Confidence in eurozone falls as debt crisis bites
EUROZONE economic sentiment defied market expectations and fell sharply in May, indicating that the eurozone debt crisis has begun affecting the currency zone's real economy.
The European Commission said yesterday that economic sentiment in the 16 countries using the euro fell to 98.4 in May from 100.6 in April. Economists had expected a rise to 100.8 points.
"The worsening in economic confidence in May confirms that the sovereign debt woes in the southern periphery have started to spill over into the real economy," said economist Martin van Vliet. "Domestic recovery prospects in the eurozone are darkening."
Prices of debt in some eurozone countries have been falling sharply due to market concern over bloated public finances and low growth rates, forcing governments to announce fiscal austerity measures that are likely to slow growth further.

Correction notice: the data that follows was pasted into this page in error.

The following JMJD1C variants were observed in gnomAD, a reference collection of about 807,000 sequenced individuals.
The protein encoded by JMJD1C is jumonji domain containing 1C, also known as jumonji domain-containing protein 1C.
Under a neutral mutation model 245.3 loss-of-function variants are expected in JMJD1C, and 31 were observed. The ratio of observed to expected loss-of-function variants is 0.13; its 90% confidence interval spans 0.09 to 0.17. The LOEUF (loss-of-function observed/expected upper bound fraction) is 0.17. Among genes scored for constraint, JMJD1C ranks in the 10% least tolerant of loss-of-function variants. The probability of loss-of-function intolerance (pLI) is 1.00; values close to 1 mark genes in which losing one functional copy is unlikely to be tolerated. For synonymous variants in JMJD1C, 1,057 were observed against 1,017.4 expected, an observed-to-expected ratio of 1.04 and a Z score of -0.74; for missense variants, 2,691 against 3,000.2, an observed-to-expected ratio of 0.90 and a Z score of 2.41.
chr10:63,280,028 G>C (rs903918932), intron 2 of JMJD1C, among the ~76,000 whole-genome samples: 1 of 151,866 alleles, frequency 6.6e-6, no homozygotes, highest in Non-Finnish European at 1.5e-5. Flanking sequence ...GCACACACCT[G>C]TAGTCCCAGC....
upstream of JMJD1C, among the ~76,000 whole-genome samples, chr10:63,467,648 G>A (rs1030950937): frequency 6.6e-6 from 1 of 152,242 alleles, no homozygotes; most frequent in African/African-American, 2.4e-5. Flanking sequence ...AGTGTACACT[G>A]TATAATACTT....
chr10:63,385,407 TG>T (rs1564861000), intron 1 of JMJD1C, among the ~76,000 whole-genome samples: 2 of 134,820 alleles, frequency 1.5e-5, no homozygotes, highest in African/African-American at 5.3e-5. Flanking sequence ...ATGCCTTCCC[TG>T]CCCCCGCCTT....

Confidence among consumers fell to minus 18 in May from minus 15 in April, the commission report showed. Sentiment in the retailing, construction and services industries also declined. Manufacturing sentiment rose to minus 6 from minus 7.
An index of economic confidence in Greece dropped to 61.9 in May from 69.1 the previous month, while a gauge for Portugal fell to 91.1 from 93.8. Sentiment in Spain also declined. Ireland is the only one of the 16 states not to be included in the EU barometer.